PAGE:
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Both side of both sides, a DoubleTweet

[ by Charles Cameron — didn’t i post this? okay, it’s a few days old, but i’ll post it ]




Both forms of both / and:

What interests me here is that Trump’s tweet and Obama’s both represent “both / and” positions.

Obama sees our common humanity cutting across whatever borders of skin color or whatever might be thought to separate us.

Trump shares the blame equally between the alt-right folk and the folk who were protesting them, when at least arguably the protesters came with (largely) peaceable intent, while the alt-right folk were trying for provocation:

Note, however, that Trump sees things in exactly the reverse manner — another enantiodromia? From Amy Davidson Sorkin in the New Yorker — Donald Trump, from His Tower, Rages at “the Other Side” in Charlottesville:

You had a group on one side that was bad and you had a group on the other side that was also very violent. And nobody wants to say that. But I’ll say that right now.” The bad group was the white nationalists; the “very violent” group was those who had come to object. In case anyone missed his point, he continued, “You had a group on the other side that came charging in—without a permit—and they were very, very violent.” Trump wasn’t putting the two sides on the same level; he was saying that the counter-protesters were worse.


There’s a very different feel to the two kinds of “both / and” IMO — Trump’s actually favoring one side in a conflict and protecting it by shifting some of the blame away from it, while Obama’s is neutral as to sides (though in the case of racists vs non-racists, he’d presumably favor the non-racists.

My head buzzes: an interesting little logical knot, I think.

5 Responses to “Both side of both sides, a DoubleTweet”

  1. Scott Says:

    Not to nitpick, but that quote is originally from Nelson Mandela, not Obama.

  2. Charles Cameron Says:

    Nit or not, my grateful thanks.

  3. carl Says:

    Judgement is formed by perception. Perception in the Cville incidents is shaped in this case by news coverage, or more precisely the news coverage that has the widest audience which is the mainstream media. The mainstream media of course can be expected to slant its coverage of just about everything to include the incidents at Cville. With this in mind I would be cautious about coming to a conclusion such as “… when at least arguably the protesters came with (largely) peaceable intent, while the alt-right folk were trying for provocation:” if that conclusion is based solely upon the most widely promulgated reports and photos. If you do a little digging things were much less black and white than they would have you believe.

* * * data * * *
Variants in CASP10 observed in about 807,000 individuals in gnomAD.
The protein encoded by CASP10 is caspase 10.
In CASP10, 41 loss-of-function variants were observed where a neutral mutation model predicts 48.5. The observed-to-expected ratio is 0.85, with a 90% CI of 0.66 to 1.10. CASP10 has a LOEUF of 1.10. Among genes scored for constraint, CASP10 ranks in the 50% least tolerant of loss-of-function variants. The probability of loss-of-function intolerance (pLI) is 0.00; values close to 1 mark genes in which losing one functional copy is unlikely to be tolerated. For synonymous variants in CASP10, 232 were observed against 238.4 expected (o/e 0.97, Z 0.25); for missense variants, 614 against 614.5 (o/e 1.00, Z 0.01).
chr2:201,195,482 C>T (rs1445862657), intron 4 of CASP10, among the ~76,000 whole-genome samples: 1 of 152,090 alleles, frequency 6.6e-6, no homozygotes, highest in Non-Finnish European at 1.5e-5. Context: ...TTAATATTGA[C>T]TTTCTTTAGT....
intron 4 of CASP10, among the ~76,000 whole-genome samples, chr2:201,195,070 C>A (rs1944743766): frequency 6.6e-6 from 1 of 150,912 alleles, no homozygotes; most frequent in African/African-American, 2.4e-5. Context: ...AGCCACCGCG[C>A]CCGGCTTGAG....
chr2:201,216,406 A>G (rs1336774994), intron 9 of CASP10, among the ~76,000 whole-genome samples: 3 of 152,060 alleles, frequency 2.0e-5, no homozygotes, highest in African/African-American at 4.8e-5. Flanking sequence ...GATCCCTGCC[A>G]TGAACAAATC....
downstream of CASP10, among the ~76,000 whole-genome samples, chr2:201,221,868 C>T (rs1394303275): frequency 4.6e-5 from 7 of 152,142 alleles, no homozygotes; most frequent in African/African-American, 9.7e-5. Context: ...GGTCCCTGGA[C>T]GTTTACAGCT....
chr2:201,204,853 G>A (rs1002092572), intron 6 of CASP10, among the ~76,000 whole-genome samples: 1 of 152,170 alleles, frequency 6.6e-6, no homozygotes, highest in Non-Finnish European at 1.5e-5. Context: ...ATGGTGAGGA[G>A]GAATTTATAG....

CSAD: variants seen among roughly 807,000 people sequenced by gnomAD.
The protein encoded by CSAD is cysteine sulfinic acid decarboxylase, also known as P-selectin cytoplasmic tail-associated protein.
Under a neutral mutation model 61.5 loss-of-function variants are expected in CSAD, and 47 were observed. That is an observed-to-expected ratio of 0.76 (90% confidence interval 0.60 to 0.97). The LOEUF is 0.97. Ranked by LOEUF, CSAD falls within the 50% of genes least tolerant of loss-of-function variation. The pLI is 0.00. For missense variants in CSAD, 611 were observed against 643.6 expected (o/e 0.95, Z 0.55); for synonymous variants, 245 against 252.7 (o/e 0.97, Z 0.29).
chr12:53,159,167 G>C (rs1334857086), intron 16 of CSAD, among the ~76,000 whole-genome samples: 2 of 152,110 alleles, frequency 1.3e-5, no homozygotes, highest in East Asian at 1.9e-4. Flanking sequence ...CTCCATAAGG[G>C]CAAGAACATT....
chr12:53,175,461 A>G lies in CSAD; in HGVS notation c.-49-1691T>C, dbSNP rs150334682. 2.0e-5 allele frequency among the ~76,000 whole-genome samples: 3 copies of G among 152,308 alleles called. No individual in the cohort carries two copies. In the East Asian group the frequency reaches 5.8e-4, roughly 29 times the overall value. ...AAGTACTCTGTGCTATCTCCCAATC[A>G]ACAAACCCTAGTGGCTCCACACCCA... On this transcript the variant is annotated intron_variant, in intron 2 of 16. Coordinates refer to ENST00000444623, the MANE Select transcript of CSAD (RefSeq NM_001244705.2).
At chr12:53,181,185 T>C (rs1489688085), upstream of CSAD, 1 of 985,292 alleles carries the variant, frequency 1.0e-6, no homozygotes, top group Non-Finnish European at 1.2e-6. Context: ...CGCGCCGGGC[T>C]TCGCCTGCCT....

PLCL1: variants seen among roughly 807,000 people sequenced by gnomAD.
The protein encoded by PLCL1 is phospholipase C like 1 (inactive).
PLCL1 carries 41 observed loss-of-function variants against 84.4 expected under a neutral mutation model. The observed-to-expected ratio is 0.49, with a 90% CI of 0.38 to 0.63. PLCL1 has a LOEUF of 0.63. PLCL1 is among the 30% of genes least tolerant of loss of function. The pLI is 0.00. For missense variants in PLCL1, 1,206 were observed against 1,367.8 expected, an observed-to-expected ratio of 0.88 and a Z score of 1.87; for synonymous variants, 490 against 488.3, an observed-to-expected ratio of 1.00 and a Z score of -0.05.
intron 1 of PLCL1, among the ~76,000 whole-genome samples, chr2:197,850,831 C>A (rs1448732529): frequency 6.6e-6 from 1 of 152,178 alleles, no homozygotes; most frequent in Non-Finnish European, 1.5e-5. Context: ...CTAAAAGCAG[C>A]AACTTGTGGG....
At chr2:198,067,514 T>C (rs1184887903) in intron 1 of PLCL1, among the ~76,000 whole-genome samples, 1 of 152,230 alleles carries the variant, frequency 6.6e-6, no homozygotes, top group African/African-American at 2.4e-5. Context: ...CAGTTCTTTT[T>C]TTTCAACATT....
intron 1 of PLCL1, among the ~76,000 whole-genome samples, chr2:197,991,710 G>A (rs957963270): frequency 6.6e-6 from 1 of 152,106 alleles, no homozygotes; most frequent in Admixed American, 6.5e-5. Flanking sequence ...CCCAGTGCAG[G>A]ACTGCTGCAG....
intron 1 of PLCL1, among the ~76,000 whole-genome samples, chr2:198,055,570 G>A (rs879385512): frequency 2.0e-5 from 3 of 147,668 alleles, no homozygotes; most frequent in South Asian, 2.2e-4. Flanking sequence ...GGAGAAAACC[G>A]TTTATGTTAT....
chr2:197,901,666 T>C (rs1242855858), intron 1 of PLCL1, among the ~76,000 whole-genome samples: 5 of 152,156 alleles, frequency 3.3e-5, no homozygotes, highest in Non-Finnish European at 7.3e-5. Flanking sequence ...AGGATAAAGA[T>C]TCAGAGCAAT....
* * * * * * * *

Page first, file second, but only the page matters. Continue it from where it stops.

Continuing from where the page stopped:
The issue isn’t favoring “racists vs. non-racists”, the issue is propensity to crime doing and propensity to shut down undesired speech. Saying somebody favors racist over non-racists is an attempt to grab the moral high ground but it is akin to saying “I’m for prosperity over penury.” and then expecting a pat on the back.

  4. Charles Cameron Says:

    My reading on the alt-left and antifa included What the “alt-left” was actually doing in Charlottesville, and The Rise of the Violent Left.
    Oops, gotta go.

  5. carl Says:

    Charles: I read both of the articles and was struck by something: neither group of people, the ‘peacefully inclined Cville residents’ nor the anarchists had any problem with using physical force to deny people they disagree with the right of assembly and the right to speak at that assembly. One group revered themselves for linking arms and blocking stairways and the other group crowed about blasting faces with pepper spray but they both saw their application of physical force to prevent expression of ideas they disagree with as legitimate, even admirable. This is not a good thing. Mark Steyn’s view is that it puts them on a continuum at the other end of which lie such jolly fellows such as your local jihadi killer. No, that is not a good thing at all.

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